The average user should not be given rights to setup monitors and alerts.
One bad config can cause epic damage.
I saw it with an alert configured with an any any without and kind of logic and it brought down an entire email system with 5 million alert emails that brought down a large company's mail system for 4 hours.
You cannot easily give normal non solar winds admins the ability to create any kind of monitors.
None of of my DBAs or Help Desk or Engineers that do not work with Solar Winds with the slightest passion for it could manage it.
It takes a dedicated guy(s) who know what they're doing.
we use a CP "owner" to multi tenant the differen users groups..
if the company has a some type of central CMDB you could minimized the risk by automation some part.
orioncrack has something about who should be allowed to do what...
but I don't see that as problem with the software and more problem with setting "ground rules to the users"
multi tenant or not :-)
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yes, we do the same with a CP 'sector'
We make use of JIRA Software - Issue & Project Tracking to manage requests for new alerts.
Alerts require a run-book, and using Jira we can subtask that out so someone has to write documentation on what the alert means, the <5 things to check, and the ways it can be fixed.
No runbook, no new alert...
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I manage a NOC for 7 different networks stretching from Tokyo to Chicago, and also four hospitals including Harborview Medical Center. We're here 24*365.25
the run book is NOT detailed -- see the Checklist Manifesto for the ethos behind this (https://www.amazon.com/Checklist-Manifesto-How-Things-Right/dp/0312430000 )
i.e. it doesn't say anything about acknowledging alerts, creating tickets, basic tasks everyone should get right every time.
The monitoring team is the same as the NOC, and we do advanced troubleshooting, firmware upgrades, router reloads, planned traffic re-routes. i.e. the things one would expect a highly qualified NOC to do.
If we were just sat here waiting for alarms to trigger and then page someone I'd outsource it.
Here is a VERY typical runbook for a low-level alert that we use for preemptive action; as you can see it says why the alert triggered, why you should care about the alert, remind people to make sure the device is up, to read the syslog messae, to use their juniper account to see what the message means (actually now I read it I see I should remind them to open a JTAC case if the message is not documented), and then suggested appropriate actions.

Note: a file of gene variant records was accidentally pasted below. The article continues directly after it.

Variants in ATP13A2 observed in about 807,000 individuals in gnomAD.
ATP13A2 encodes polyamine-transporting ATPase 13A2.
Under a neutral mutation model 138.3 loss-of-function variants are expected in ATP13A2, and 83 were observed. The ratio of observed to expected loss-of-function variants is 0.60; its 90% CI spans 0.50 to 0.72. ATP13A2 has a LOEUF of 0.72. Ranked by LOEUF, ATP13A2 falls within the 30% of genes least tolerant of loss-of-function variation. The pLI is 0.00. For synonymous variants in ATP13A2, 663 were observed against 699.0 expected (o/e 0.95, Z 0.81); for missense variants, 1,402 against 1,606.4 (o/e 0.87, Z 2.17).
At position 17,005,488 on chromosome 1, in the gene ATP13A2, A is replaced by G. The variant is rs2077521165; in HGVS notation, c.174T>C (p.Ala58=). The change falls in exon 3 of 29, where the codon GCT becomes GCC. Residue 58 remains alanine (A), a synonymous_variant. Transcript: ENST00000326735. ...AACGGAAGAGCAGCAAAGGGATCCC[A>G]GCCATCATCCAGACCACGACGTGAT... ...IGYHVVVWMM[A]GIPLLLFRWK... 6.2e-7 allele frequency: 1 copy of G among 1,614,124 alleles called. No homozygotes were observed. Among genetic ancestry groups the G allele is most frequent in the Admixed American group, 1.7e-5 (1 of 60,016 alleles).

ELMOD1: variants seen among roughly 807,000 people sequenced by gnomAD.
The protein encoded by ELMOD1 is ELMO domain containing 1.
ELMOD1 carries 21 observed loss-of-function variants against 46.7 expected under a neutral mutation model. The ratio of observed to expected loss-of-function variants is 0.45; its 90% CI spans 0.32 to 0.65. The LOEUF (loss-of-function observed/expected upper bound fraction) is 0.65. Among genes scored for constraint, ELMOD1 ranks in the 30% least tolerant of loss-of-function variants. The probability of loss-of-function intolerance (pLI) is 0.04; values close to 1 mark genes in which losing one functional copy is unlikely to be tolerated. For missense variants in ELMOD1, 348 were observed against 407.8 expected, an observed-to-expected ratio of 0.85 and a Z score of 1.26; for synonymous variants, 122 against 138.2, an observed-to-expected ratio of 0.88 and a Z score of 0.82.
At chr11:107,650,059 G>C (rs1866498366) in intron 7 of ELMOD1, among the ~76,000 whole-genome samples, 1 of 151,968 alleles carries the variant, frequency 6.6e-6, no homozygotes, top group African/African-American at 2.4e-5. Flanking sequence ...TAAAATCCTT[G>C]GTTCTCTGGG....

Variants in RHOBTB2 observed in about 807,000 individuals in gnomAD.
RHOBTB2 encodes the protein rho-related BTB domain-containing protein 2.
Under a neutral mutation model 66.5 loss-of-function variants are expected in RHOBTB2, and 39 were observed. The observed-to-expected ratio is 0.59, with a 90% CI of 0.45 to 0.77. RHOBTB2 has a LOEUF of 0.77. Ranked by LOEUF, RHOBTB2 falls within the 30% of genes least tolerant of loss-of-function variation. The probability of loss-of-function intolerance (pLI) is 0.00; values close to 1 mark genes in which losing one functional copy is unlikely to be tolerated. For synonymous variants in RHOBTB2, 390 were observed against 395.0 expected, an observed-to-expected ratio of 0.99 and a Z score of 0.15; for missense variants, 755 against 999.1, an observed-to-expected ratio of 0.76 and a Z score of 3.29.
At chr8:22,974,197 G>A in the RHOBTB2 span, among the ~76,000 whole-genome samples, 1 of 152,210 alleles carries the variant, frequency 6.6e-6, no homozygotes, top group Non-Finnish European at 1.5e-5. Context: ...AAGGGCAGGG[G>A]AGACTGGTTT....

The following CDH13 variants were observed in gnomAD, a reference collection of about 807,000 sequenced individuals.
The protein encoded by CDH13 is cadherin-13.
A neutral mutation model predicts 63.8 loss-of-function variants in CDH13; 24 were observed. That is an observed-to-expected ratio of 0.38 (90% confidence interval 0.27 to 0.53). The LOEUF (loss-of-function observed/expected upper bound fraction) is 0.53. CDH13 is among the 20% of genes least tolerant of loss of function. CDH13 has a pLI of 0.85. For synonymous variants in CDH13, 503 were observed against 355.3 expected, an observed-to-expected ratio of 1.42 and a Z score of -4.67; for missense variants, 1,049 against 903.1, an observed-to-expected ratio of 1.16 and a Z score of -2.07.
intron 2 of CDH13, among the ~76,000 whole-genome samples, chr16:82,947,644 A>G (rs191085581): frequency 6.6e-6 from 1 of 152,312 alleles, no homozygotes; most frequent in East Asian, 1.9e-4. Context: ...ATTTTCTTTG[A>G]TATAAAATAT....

The KB# appears in the alert message, and is tied to our ticketing system so there's no ambiguity about which KB article this alert applied to. In this case this document has been referred to 22 times, which tells me it's not something we do very often.
This is an continual service improvement process, and I try to update an article each week or otherwise clean up an alert,
SWO: Juniper Chassis
This alert triggers when a juniper router or switch reports more that ten (10) syslog messages from chassism in an hour (60 minutes).
The alert clears if less than ten (10) syslog messages from chassism are received in the last hour (60 minutes)
Impact to Customers:
This normally indicates some serious issue that needs to be investigated. In most cases there might not be an immediate impact but it could indicate some Access Points are not getting power, that one power supply has failed, or some other foreshadowing of something major.
- Check the device is reachable
- Check syslog for the messages
- Use your Juniper account to search for the message and determine its impact,
the default impact should be 3 - Low
if adjacent devices (Access points, UPS) are impacted increase the impact to 2 - Medium
- Consider if an out of hours page is necessary and increase urgency to 1 if needed.
Network Core / Layer_3 for routers, and icas switches
NIM -- for other switches
[links to JIRA and alert definition]
Loving the ideas keep them coming, I really like the runbook idea maybe I can get this added to our change request process.
Really liking the JIRA idea currently we run an home brew system that is outdated and the original creator is no longer around. It was designed more for networking devices and the flow does not go well with application or server monitoring.